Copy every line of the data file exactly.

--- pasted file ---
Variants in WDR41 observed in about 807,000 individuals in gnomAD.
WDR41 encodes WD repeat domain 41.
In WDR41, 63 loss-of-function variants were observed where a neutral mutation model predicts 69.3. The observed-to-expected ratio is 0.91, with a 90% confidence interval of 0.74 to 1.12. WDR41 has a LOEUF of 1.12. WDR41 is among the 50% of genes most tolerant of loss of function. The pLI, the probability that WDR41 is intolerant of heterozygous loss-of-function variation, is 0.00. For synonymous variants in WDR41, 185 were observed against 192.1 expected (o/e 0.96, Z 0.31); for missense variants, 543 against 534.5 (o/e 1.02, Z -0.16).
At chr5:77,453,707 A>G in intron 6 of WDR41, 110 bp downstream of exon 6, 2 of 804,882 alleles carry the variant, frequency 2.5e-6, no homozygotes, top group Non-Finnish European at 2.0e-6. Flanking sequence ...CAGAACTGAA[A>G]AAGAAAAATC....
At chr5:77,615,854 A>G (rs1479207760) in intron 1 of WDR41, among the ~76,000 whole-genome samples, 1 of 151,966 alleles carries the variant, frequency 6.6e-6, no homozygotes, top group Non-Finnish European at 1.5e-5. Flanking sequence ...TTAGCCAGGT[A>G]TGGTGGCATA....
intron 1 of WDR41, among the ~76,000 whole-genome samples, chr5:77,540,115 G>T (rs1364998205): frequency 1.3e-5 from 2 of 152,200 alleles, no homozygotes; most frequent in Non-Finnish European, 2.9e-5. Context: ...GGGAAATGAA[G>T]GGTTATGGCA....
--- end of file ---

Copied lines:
Variants in WDR41 observed in about 807,000 individuals in gnomAD.
WDR41 encodes WD repeat domain 41.
In WDR41, 63 loss-of-function variants were observed where a neutral mutation model predicts 69.3. The observed-to-expected ratio is 0.91, with a 90% confidence interval of 0.74 to 1.12. WDR41 has a LOEUF of 1.12. WDR41 is among the 50% of genes most tolerant of loss of function. The pLI, the probability that WDR41 is intolerant of heterozygous loss-of-function variation, is 0.00. For synonymous variants in WDR41, 185 were observed against 192.1 expected (o/e 0.96, Z 0.31); for missense variants, 543 against 534.5 (o/e 1.02, Z -0.16).
At chr5:77,453,707 A>G in intron 6 of WDR41, 110 bp downstream of exon 6, 2 of 804,882 alleles carry the variant, frequency 2.5e-6, no homozygotes, top group Non-Finnish European at 2.0e-6. Flanking sequence ...CAGAACTGAA[A>G]AAGAAAAATC....
At chr5:77,615,854 A>G (rs1479207760) in intron 1 of WDR41, among the ~76,000 whole-genome samples, 1 of 151,966 alleles carries the variant, frequency 6.6e-6, no homozygotes, top group Non-Finnish European at 1.5e-5. Flanking sequence ...TTAGCCAGGT[A>G]TGGTGGCATA....
intron 1 of WDR41, among the ~76,000 whole-genome samples, chr5:77,540,115 G>T (rs1364998205): frequency 1.3e-5 from 2 of 152,200 alleles, no homozygotes; most frequent in Non-Finnish European, 2.9e-5. Context: ...GGGAAATGAA[G>T]GGTTATGGCA....